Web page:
Writing Tips: Denotation vs. Connotation

Denotation:

Definition: A denotation is the dictionary definition of a word.

Example: One example of denotation would be stating that the word cheap means inexpensive.

Connotation:

Definition: A connotation is a definition of a word, but with cultural and personal feelings added in.

Example: One example of connotation would be that the word “cheap” often has a negative meaning, or connotation in this case. For instance, when someone says something was “cheaply made”, it’s often taken to mean that the item wasn’t made very well and won’t last very long.

 

Using Denotations and Connotations in Writing:

As writers, denotations can’t be the only thing we focus on when we write. We also have to look at the connotations of words. For instance, when you go to describe a character as a more dominant person, you have many words to choose from. You could use words like assertive, aggressive, or pushy. However, although all of these have a similar denotation, they have very different connotations. Out of these three words, assertive is the nicest as it means someone is willing to assert their opinions. The word aggressive implies potential violence, and the word pushy implies that the person tends to force things onto people. The word you would use would obviously depend on the character, but word choice is very important. As a writer, you have to consider the connotations of the words you use, in and out of context. Readers only get to know your characters and settings and such through text, they don’t get to have you there to describe what you meant. As such, it’s best to make sure you pick the best word for your specific meaning to make sure your writing comes off as you meant it to.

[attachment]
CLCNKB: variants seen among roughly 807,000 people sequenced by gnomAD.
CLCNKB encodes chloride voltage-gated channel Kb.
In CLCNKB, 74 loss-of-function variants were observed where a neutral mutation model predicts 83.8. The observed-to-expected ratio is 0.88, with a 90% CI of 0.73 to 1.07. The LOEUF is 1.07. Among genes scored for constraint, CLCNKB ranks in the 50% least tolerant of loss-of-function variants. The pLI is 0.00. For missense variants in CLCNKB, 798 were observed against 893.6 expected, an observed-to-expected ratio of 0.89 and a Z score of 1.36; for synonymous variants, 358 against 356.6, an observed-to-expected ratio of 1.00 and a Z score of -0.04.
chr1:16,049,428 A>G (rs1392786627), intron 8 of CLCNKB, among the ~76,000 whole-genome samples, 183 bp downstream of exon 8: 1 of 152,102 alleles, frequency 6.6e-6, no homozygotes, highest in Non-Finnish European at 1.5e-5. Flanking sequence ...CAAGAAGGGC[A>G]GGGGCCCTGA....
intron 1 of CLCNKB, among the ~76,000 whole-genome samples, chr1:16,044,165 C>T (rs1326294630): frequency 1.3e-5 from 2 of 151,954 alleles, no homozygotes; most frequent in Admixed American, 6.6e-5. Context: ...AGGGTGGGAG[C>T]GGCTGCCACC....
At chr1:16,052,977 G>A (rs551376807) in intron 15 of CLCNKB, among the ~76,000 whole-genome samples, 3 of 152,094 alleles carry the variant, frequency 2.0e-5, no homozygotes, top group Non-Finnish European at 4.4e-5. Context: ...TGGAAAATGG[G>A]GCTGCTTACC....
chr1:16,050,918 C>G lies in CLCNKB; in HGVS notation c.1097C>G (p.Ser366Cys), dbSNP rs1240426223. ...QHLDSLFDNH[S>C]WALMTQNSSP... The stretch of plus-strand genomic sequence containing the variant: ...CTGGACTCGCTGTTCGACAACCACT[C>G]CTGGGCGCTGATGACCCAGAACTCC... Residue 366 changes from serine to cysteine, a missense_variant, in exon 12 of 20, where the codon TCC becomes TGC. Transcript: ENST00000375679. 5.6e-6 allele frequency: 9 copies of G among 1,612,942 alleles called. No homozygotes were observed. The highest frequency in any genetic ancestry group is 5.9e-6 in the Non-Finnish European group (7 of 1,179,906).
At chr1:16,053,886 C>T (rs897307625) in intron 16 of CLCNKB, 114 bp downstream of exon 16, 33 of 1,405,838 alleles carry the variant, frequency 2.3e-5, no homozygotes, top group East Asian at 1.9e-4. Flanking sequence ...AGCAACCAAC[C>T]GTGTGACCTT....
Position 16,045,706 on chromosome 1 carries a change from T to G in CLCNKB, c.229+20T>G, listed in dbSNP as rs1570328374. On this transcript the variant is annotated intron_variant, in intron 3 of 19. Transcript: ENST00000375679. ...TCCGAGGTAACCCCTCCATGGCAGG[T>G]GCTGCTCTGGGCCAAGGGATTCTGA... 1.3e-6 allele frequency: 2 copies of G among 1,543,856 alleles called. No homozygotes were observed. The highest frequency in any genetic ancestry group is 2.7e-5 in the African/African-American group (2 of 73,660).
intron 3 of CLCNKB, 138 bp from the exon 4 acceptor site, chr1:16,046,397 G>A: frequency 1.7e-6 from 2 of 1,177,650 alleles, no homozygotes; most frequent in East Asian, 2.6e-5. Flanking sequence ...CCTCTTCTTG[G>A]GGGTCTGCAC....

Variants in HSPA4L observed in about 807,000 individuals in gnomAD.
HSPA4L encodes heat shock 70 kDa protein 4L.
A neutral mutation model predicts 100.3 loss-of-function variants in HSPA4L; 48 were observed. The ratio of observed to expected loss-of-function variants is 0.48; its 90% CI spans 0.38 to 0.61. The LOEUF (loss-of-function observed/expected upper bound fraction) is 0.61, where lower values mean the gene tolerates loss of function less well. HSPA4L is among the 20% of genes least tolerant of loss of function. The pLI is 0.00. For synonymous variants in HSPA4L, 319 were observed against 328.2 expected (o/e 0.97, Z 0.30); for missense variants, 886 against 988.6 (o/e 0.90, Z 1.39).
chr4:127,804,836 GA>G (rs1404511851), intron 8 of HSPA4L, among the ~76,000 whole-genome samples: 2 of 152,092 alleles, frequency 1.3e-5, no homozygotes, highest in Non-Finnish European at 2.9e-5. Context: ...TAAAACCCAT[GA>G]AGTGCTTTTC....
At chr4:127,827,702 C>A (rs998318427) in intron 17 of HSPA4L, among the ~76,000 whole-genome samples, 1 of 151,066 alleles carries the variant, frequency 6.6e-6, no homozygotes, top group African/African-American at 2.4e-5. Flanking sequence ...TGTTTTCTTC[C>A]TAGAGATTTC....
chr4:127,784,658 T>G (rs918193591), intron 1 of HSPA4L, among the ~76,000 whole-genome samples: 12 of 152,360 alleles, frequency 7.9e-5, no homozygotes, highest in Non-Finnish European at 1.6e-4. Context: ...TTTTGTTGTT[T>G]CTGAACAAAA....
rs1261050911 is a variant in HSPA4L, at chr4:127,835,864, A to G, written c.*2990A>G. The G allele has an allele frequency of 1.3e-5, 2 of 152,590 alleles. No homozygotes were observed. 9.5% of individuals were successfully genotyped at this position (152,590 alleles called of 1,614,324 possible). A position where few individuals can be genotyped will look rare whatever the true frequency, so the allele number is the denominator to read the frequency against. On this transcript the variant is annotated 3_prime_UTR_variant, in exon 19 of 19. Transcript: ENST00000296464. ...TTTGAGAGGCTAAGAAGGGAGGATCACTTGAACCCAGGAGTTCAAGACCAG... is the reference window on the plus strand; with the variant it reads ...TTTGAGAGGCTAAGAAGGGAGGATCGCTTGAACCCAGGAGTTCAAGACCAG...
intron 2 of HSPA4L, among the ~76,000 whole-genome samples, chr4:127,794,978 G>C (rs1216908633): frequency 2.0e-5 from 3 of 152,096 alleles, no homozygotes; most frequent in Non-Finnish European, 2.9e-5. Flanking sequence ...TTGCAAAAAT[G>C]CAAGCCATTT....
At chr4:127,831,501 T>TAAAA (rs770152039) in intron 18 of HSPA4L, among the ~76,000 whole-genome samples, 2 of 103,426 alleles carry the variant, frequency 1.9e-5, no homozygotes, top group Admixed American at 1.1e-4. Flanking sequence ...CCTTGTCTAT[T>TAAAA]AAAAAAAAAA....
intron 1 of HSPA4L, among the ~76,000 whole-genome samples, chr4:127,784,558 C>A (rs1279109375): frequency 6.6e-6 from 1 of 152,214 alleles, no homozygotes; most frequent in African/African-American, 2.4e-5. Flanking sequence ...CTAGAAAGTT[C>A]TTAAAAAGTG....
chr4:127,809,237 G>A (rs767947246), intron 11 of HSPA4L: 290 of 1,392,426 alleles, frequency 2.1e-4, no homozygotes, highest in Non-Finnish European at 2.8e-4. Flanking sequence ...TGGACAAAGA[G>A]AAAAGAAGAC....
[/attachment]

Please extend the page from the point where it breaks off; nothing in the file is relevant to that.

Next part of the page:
~Victoria

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